Court approves Google’s $900 mln Nortel patent buy

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Nortel has announced that U.S. and Canadian courts have approved the sale of Nortel’s complete patent portfolio to Google subsidiary Ranger, Inc., in an all-cash $900 million deal. Google announced its intention to bid on Nortel’s patent portfolio last month, and while no serious challengers have stepped up for the Nortel patents, in approving Google’s “stalking horse” bid the courts also set up bidding procedures in the event anyone wants to try to out-spend Google: bidders have to get their submissions together by June 13, 2011, with a final auction scheduled for June 20.

If Google’s purchase goes through, the Internet giant will find itself in possession of about 6,000 communications patents that Nortel either owns or for which it applied. The portfolio covers a broad range of wired and wireless communications.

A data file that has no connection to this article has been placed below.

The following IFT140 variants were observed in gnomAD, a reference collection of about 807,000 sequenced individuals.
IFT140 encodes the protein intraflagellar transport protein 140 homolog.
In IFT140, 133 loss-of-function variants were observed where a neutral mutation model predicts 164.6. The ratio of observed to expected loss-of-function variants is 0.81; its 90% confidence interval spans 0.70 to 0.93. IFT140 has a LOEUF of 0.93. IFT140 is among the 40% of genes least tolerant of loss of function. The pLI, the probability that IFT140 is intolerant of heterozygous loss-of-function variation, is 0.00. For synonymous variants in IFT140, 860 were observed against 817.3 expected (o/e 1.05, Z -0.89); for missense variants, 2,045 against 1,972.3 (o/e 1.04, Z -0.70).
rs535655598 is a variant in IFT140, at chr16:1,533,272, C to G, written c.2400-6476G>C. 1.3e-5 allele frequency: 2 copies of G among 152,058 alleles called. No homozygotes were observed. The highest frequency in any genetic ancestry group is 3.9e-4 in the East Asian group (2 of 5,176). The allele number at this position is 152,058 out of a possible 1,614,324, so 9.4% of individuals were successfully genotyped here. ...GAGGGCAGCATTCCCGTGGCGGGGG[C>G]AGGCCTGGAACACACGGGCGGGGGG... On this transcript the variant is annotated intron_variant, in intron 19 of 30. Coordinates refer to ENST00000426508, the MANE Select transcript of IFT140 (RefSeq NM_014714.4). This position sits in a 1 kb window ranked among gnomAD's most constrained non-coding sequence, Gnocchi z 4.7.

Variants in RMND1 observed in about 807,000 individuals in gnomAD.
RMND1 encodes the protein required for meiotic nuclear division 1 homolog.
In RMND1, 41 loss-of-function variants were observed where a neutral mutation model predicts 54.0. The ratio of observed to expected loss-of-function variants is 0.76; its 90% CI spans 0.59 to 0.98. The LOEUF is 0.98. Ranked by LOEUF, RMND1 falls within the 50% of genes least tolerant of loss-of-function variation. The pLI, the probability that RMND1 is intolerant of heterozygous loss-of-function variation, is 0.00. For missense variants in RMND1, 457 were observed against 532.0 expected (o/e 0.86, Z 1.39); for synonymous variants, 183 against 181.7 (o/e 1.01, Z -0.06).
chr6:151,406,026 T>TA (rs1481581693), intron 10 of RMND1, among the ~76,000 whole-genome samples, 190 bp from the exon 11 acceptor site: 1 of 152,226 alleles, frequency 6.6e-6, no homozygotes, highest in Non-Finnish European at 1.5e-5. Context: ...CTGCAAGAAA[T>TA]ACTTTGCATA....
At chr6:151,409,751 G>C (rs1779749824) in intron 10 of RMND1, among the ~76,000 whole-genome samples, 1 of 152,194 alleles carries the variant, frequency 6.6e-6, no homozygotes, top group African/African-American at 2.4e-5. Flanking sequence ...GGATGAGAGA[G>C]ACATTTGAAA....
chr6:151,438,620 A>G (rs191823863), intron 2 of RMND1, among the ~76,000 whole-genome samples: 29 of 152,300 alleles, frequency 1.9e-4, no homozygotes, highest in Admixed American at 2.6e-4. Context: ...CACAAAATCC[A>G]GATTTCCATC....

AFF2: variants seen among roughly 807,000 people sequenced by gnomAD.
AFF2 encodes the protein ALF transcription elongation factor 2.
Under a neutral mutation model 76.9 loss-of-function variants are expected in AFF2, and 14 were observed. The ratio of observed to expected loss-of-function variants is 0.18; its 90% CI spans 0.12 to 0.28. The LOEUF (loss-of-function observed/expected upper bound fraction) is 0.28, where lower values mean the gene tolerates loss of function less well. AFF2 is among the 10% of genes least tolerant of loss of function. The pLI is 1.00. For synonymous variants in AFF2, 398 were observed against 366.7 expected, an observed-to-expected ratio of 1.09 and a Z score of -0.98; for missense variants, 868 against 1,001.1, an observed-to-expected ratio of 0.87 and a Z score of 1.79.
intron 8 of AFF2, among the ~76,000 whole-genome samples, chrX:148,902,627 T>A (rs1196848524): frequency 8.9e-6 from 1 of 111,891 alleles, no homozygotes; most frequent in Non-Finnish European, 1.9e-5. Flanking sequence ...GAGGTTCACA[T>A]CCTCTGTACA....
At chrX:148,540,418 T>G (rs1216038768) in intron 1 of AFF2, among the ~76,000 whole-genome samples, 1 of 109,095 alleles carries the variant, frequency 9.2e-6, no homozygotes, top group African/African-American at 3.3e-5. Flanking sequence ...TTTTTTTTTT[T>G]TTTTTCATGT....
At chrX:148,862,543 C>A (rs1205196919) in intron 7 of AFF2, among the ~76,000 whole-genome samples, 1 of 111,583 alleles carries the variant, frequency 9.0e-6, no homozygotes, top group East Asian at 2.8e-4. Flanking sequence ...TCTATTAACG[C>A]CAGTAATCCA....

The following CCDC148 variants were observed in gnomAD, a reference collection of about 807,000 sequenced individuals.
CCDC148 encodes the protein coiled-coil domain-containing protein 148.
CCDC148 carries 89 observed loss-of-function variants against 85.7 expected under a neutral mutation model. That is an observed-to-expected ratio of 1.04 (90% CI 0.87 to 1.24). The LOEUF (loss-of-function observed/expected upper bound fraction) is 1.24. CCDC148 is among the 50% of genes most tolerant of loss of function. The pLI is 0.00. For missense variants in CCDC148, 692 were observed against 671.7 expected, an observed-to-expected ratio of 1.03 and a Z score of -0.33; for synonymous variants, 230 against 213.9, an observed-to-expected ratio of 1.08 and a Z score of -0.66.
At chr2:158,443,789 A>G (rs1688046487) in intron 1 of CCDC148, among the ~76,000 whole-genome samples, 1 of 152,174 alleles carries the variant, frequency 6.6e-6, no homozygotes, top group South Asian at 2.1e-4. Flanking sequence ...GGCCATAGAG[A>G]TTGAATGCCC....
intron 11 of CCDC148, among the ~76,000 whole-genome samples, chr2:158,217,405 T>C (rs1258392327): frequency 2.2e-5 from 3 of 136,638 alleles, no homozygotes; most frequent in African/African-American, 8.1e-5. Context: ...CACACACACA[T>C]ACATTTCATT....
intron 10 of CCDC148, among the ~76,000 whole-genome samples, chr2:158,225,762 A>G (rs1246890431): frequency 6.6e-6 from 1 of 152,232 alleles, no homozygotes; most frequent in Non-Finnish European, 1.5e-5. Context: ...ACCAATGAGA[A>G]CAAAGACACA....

Google has characterized its interest in the Nortel portfolio as defensive—by snapping up the patents, it prevents someone else from buying them and launching disruptive patent litigation against Google mobile products. Of course, Google could also use the patents offensively to challenge technologies from other companies.

Nortel filed for bankruptcy in 2009 and has been slowly selling off its assets in order to pay down debt. Another recent notable sale of Nortel assets came in March, when Microsoft paid $7.5 million for a substantial range of IPv4 addresses controlled by Nortel. The Internet has officially run out of free IPv4 addresses, which will spur a broader global conversion to IPv6 addresses worldwide in the coming years.

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